Is Democracy Dead?
Whilst BREXIT is central to this election, the one issue we should not ignore, and is perhaps more important than ever in this political climate, is how well represented we as British voters feel. The debate surrounding our electoral system seems to pop up whenever an election is called, and then disappears very quickly after the results are called. I believe that our voting system is a key political issue that needs to be debated and discussed, regardless of whether an election is coming up or not.
Our voting system, First-Past-The-Post, is, in my opinion, an archaic and ancient system that has long since expired, and is no longer suitable for a Britain with such a wide range of views and expressions, that have grown beyond strict party identity and partisanship. We live in a Britain that, whilst incredibly divided, also serves too many interests for only two parties to deal with, and it is important that we update our electoral system to reflect the changes in our society.
The title of my article faces the the age-old argument about whether our voting system is democratic or not? I believe not, and I also believe Britain has a talent for appearing democratic whilst simultaneously ignoring the voices of millions, and counters unity in an already divided nation. All that this winner-takes-all system achieves is to entrench existing divisions between groups of people that should be unified under one government.
Ironically, it was my anger and resentment towards FPTP that led me to join UKIP. I spent the run up to the 2015 General Election fighting alongside the Conservative Party, and whilst some of my friends within UKIP may cringe at this, I am very proud of where I came from, and I enjoy discussing my path to ‘political enlightenment’ with others whilst i share UKIP’s message. The day after the election, on a day I should have been celebrating with my fellow Tories, I saw the true destruction that FPTP had caused in British politics. I saw UKIP, with 12.6% of the vote, walk away with a mere 1 seat, and the other minor parties receiving similar blows. I saw my party win a majority despite winning a disproportional amount of votes (30.4%). I defected to UKIP that same day. I could no longer be apart of mainstream politics, nor the Westminster elite intent on destroying modern democracy. I was so angry that millions of voters had little or no choice in who they voted for, it disturbed me to see so many wasted ballots, so learn that nearly 3 million people voted tactically, unable to vote for the party that truly represented them, hindered by the very process that should guarantee their voice is heard. 22 million votes were wasted, as those votes had no influence on the results, and these mainly came from safe seats, where alternative votes did not matter. What kind of democracy do we live in where this exists?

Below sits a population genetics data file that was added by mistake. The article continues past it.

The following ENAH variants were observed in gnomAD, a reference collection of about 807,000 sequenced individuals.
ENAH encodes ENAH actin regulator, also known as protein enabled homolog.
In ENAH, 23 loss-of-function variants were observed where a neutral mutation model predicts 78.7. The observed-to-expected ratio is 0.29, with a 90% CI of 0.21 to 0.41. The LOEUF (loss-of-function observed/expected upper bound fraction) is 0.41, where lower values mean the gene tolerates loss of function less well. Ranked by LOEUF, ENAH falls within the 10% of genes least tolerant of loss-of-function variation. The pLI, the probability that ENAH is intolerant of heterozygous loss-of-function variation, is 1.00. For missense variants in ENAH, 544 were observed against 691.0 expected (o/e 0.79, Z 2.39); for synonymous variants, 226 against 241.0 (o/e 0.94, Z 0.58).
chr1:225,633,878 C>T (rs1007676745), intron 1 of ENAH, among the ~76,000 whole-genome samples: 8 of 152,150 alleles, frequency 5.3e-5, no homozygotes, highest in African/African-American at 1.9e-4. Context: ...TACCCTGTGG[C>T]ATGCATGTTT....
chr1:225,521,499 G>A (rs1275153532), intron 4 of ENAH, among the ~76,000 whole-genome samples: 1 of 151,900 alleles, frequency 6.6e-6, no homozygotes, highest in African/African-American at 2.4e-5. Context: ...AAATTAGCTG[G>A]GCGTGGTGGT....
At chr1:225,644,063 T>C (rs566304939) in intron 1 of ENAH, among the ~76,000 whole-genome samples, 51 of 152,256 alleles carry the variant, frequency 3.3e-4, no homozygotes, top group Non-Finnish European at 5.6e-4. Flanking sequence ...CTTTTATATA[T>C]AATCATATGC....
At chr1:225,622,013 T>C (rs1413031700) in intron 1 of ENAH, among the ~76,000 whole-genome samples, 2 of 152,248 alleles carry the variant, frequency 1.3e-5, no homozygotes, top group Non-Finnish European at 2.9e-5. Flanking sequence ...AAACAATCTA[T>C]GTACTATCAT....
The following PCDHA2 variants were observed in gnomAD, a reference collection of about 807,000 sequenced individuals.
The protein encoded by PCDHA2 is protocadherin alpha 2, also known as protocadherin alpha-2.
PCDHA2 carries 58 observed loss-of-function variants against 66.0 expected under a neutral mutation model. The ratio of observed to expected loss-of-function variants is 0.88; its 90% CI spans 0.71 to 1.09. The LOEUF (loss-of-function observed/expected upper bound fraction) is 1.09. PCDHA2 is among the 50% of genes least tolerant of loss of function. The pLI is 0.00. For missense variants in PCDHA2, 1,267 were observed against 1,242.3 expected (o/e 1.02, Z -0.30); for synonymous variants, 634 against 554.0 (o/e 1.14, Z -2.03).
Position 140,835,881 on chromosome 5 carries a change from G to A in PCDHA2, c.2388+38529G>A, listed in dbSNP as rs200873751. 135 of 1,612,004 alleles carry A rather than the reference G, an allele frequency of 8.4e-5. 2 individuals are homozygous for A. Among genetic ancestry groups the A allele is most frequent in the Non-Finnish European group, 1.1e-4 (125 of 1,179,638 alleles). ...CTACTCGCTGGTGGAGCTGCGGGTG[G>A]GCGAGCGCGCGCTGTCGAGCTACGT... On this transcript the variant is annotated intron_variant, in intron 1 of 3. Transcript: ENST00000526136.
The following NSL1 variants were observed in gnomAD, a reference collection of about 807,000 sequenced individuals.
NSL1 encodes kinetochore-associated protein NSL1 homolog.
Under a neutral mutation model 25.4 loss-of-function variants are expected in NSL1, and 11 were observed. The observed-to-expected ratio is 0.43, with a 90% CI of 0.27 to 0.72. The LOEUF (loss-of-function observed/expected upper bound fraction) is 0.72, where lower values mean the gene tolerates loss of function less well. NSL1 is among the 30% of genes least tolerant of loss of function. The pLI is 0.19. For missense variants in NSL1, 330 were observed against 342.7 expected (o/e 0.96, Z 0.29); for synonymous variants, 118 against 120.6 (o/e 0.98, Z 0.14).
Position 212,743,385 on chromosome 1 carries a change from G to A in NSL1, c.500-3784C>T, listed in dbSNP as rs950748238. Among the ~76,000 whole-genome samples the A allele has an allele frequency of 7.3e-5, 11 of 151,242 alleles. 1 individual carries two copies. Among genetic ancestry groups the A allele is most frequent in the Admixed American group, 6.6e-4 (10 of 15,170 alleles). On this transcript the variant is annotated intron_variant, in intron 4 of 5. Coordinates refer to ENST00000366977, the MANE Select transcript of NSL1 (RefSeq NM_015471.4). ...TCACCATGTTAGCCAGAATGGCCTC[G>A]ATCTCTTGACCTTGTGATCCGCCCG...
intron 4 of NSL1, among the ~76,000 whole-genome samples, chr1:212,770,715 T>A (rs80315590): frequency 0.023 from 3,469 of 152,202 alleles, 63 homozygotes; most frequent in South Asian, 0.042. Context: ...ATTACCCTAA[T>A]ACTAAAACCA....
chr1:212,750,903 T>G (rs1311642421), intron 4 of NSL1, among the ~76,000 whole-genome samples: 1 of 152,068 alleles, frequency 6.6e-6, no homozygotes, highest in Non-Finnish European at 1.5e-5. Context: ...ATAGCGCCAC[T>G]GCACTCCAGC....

Under our current electoral system, democracy is dying, it is being crippled under the dominance and greediness of the Westminster elite who care about power over genuine concern for British people. I believe that only UKIP can deliver true democracy to Britain, and hand power back to the people. This is an issue that will be of utmost importance after BREXIT, and I will be at the forefront of UKIP’s battle to bring real change. As Paul Nuttall said not 24 hours ago; “You don’t join UKIP for a political career, you join because you have principles’. I will add to this that we all joined UKIP to bring about meaningful change, to bring back freedom of expression, of speech, of the ability to say what you think without labels, and to fight the real issues that the mainstream parties are too afraid to discuss.
UKIP will survive the next election, and it will live on to deliver even more change to the British people.
Here is an insightful link to the Electoral Reform Society report on the GE 2015.